Speeding up the Standards Process


Regulators are running out of patience, and market practitioners need to up their game to speed up the standards-setting process, says Tine Thoresen

It can easily take the same amount of time to create a standard and bring a new medicine to market. It takes around ten years, the experts typically say. The problem now is that most of us can appreciate that it takes years to develop a cancer medicine, get the product through clinical trials, and bring it to the market. The argument for why it can take ten years to put together an alpha-numeric code to identify an instrument or an entity, or simply agree on a format to publish data in, is a tad less convincing.

The global nature of financial markets was highlighted during the financial crisis, and it has led to a growing realization that there is a need for standardized, international data that can easily be analyzed. The challenge now is for regulators and the industry to agree on how to do this. At recent industry events, market practitioners have suggested we have to stop talking about the standards problem, and instead come together to actually agree on standards that can be adopted. It has been suggested that perhaps around five large firms can team-up, agree on the best way forward, and become the early adopters.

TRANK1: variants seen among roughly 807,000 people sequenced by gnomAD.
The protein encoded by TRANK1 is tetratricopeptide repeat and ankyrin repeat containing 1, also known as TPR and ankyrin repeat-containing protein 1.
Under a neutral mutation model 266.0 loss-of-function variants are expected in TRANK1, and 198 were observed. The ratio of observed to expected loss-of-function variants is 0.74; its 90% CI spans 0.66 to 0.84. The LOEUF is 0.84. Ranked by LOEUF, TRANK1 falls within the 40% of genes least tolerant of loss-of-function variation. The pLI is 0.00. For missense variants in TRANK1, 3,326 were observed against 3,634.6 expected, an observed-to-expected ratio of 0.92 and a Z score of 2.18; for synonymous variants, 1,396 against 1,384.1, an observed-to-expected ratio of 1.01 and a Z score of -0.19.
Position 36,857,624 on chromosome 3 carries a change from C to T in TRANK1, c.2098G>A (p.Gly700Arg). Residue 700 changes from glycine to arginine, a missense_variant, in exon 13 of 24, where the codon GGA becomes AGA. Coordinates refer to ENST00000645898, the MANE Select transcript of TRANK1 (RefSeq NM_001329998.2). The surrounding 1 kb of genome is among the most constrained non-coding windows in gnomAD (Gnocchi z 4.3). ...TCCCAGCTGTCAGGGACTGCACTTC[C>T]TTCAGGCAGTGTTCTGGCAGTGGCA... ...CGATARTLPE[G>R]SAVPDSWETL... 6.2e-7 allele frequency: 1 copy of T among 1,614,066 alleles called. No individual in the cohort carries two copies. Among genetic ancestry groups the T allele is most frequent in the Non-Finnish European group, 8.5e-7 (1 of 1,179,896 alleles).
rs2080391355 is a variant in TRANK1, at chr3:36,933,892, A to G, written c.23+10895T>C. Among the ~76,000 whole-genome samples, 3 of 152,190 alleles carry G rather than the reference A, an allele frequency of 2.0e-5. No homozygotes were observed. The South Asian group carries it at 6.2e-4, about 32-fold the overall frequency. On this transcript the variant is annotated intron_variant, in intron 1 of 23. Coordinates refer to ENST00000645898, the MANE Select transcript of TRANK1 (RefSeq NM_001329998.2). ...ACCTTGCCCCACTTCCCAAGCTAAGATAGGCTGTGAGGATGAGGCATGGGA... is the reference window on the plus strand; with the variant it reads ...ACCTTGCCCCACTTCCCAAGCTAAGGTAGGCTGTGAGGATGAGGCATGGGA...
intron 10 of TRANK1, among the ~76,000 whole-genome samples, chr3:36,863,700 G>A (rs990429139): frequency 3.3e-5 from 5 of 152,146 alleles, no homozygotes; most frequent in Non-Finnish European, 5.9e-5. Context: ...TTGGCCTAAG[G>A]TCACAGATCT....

There might not be much time to discuss if this is the best approach, or if someone has any better ideas. The regulators seem to be running out of patience. At the public hearing on the Markets in Financial Instruments Directive in Brussels in September, Sharon Bowles, who chairs the Economic and Monetary Affairs Committee in the European Parliament, talked about the data problem, saying: "We really must have coordination and some regulatory intervention seems inevitable to push firmly on the outstanding barriers to make sure that it gets done in a sufficiently rapid timeframe."

But Bowles also recognized that the expertise is in the industry. This has been the message for some time now. Regulators want the industry to create the standards. The problem seems to be that the process is too slow. There are now talks about standards bodies and industry associations cooperating, and there constantly seems to be something happening. The issue is perhaps simply that standards-setting takes time.

Regulators do not have time. They want to prevent the next crisis, and waiting for a ten-year standards process may not help the political agenda. It may also be slightly difficult to comprehend that it can take as long to create a standard as it can for a biochemical company to get sometimes life-saving medicines to the ill. The question now is if market practitioners will settle with the fact that this is how it is, or if someone will now take leadership, and get this party started.

For Inside Reference Data and Inside Market Data, the party will be in Hong Kong this month, where we, together with the FISD, have our annual Asia-Pacific Financial Information Conference, including an off-site dinner and a horse-racing evening.




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